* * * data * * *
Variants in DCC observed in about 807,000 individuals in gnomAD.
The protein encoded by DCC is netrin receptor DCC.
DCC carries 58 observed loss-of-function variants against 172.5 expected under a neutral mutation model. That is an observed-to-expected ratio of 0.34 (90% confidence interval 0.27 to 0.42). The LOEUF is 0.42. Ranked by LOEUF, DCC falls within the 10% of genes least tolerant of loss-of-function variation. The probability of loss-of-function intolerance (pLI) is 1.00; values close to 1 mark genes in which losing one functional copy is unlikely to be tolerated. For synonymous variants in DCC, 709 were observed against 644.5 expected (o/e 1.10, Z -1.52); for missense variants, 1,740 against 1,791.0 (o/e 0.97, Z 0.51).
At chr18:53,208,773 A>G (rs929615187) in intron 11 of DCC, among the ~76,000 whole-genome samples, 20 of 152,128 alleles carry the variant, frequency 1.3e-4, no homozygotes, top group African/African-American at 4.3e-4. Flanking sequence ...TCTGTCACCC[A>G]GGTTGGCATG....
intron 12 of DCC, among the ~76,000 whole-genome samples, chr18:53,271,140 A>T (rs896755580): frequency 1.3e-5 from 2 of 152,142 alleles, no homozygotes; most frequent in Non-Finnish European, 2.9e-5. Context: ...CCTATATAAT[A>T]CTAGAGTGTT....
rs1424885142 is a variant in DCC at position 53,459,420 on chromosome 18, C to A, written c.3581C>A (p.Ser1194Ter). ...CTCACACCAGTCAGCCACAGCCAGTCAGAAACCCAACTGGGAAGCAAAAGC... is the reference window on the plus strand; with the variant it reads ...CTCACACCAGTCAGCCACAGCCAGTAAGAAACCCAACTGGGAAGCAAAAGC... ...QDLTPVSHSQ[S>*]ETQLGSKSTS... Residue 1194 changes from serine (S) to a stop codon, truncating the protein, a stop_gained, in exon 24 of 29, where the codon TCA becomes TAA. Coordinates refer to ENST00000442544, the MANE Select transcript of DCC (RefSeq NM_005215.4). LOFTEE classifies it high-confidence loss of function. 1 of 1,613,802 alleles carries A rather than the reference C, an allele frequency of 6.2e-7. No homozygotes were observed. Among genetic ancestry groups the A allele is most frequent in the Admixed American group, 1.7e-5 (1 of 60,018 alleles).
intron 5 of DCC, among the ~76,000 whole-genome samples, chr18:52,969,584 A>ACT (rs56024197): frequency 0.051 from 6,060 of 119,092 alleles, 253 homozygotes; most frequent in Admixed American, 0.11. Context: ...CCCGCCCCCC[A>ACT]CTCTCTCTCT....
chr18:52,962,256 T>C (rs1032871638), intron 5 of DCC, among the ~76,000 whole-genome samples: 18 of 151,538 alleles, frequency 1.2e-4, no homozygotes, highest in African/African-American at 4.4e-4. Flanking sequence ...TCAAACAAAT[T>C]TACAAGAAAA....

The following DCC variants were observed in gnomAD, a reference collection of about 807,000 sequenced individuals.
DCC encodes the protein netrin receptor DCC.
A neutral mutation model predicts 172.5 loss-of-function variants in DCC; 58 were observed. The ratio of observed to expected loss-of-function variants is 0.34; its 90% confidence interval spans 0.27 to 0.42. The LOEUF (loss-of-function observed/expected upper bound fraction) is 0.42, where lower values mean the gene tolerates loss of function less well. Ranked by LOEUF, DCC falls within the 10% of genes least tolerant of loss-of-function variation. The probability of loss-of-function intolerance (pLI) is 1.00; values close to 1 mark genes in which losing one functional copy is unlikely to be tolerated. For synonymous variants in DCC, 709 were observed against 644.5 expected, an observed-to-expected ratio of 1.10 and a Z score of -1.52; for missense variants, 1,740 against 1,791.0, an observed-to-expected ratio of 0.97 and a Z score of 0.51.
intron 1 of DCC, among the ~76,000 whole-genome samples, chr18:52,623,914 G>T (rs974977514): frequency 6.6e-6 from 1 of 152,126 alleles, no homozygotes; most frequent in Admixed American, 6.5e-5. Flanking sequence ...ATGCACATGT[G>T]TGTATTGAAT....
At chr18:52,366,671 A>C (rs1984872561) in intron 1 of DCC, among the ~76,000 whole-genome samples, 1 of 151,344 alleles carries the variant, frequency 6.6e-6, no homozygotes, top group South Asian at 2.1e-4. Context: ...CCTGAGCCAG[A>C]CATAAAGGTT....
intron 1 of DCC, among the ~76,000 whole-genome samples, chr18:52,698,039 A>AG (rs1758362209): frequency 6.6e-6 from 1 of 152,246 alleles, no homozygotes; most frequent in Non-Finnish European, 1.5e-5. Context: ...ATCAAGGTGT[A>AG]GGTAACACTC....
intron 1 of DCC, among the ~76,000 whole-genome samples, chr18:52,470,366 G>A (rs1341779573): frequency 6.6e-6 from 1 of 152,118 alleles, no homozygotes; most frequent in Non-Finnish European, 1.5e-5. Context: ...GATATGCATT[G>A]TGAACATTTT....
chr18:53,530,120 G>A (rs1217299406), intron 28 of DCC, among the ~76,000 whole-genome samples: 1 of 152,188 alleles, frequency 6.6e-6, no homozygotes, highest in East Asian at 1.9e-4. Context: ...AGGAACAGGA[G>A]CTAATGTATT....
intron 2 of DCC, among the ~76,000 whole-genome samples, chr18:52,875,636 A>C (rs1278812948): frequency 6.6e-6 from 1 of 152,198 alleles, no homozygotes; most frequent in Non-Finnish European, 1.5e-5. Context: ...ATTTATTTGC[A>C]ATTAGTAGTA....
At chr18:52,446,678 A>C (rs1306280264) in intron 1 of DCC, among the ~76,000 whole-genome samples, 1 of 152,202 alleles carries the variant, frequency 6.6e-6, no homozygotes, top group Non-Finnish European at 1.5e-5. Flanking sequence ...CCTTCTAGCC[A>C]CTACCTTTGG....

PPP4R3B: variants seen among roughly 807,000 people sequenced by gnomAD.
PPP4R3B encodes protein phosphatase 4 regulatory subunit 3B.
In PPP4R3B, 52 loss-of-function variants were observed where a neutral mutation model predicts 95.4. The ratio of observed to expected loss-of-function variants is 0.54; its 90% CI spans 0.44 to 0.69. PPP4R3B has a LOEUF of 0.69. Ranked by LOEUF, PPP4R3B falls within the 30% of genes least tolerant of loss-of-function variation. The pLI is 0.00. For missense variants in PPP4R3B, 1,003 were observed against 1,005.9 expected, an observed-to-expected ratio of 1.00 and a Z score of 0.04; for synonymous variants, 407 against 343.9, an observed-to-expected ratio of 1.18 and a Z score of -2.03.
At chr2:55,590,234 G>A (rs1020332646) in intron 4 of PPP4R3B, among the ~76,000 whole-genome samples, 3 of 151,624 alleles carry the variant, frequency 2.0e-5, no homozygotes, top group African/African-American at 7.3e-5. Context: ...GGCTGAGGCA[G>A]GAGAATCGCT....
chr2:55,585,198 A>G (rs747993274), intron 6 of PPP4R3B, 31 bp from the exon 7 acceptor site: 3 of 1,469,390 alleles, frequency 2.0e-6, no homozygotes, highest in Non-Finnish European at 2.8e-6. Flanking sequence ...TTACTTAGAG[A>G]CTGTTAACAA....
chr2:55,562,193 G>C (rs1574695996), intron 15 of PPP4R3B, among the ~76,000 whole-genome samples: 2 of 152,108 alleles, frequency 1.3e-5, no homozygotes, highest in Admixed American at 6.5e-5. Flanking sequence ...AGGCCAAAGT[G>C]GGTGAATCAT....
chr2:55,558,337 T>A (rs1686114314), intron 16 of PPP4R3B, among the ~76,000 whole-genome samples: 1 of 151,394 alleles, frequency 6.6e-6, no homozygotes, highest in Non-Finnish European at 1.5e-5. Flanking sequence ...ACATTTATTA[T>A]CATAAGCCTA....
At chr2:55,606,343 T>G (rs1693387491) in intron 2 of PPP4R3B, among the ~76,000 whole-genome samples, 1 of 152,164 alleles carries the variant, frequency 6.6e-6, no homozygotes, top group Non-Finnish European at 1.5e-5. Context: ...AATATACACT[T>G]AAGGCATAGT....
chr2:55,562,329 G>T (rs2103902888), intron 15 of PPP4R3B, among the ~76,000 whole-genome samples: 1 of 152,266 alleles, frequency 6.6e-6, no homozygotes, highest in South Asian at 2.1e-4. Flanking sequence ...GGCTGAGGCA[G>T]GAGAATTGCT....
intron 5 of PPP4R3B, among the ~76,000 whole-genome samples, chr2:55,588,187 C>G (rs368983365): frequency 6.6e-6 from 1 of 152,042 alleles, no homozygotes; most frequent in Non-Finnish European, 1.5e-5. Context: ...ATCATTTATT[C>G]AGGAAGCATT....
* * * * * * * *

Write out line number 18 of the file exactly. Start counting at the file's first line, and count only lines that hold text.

At chr18:52,446,678 A>C (rs1306280264) in intron 1 of DCC, among the ~76,000 whole-genome samples, 1 of 152,202 alleles carries the variant, frequency 6.6e-6, no homozygotes, top group Non-Finnish European at 1.5e-5. Flanking sequence ...CCTTCTAGCC[A>C]CTACCTTTGG....